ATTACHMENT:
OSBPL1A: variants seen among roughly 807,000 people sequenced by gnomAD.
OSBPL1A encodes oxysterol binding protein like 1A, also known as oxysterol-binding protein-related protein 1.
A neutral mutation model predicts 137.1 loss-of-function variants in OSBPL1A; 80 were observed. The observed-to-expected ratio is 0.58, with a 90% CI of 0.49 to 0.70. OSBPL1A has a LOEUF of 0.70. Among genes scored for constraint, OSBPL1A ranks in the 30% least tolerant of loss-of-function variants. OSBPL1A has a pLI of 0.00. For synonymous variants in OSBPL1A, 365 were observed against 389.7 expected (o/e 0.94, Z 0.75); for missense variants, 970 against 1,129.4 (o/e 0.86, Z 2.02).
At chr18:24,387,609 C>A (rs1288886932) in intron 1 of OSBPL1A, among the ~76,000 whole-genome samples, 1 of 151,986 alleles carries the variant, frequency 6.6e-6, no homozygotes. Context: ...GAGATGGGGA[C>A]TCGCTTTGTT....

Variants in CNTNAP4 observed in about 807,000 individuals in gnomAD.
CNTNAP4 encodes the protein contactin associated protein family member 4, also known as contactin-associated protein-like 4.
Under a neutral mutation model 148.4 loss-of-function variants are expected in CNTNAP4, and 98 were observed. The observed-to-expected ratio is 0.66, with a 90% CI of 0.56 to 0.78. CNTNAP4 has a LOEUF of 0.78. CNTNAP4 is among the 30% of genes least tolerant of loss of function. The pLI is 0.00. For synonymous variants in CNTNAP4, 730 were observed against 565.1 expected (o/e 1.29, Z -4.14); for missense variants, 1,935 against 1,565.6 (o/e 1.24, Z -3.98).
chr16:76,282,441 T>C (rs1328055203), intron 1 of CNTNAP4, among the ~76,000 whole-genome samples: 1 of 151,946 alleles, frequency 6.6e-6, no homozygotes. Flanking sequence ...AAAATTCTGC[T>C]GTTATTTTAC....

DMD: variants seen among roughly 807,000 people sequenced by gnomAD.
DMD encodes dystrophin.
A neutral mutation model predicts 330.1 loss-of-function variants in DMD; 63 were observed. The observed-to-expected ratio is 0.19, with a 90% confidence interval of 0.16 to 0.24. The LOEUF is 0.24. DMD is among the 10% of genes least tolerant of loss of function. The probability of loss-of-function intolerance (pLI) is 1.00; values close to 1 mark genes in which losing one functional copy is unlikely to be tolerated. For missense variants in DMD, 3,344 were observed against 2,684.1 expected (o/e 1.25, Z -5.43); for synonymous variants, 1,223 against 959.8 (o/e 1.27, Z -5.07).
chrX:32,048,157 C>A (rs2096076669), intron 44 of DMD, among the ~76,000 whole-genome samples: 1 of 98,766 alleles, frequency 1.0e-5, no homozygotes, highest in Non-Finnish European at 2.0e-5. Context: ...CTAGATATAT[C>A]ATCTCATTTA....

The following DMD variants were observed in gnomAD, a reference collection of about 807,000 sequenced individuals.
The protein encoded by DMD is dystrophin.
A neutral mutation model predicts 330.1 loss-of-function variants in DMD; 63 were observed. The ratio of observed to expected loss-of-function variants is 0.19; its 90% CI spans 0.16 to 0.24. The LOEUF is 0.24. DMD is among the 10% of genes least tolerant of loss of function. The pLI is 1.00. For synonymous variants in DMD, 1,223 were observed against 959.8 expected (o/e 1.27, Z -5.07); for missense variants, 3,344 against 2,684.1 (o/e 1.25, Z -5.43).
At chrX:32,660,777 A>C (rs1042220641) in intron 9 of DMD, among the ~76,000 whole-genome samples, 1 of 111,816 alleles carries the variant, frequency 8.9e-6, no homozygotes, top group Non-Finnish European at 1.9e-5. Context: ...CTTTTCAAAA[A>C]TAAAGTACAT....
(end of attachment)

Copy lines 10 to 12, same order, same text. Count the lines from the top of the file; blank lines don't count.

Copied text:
DMD encodes dystrophin.
A neutral mutation model predicts 330.1 loss-of-function variants in DMD; 63 were observed. The observed-to-expected ratio is 0.19, with a 90% confidence interval of 0.16 to 0.24. The LOEUF is 0.24. DMD is among the 10% of genes least tolerant of loss of function. The probability of loss-of-function intolerance (pLI) is 1.00; values close to 1 mark genes in which losing one functional copy is unlikely to be tolerated. For missense variants in DMD, 3,344 were observed against 2,684.1 expected (o/e 1.25, Z -5.43); for synonymous variants, 1,223 against 959.8 (o/e 1.27, Z -5.07).
chrX:32,048,157 C>A (rs2096076669), intron 44 of DMD, among the ~76,000 whole-genome samples: 1 of 98,766 alleles, frequency 1.0e-5, no homozygotes, highest in Non-Finnish European at 2.0e-5. Context: ...CTAGATATAT[C>A]ATCTCATTTA....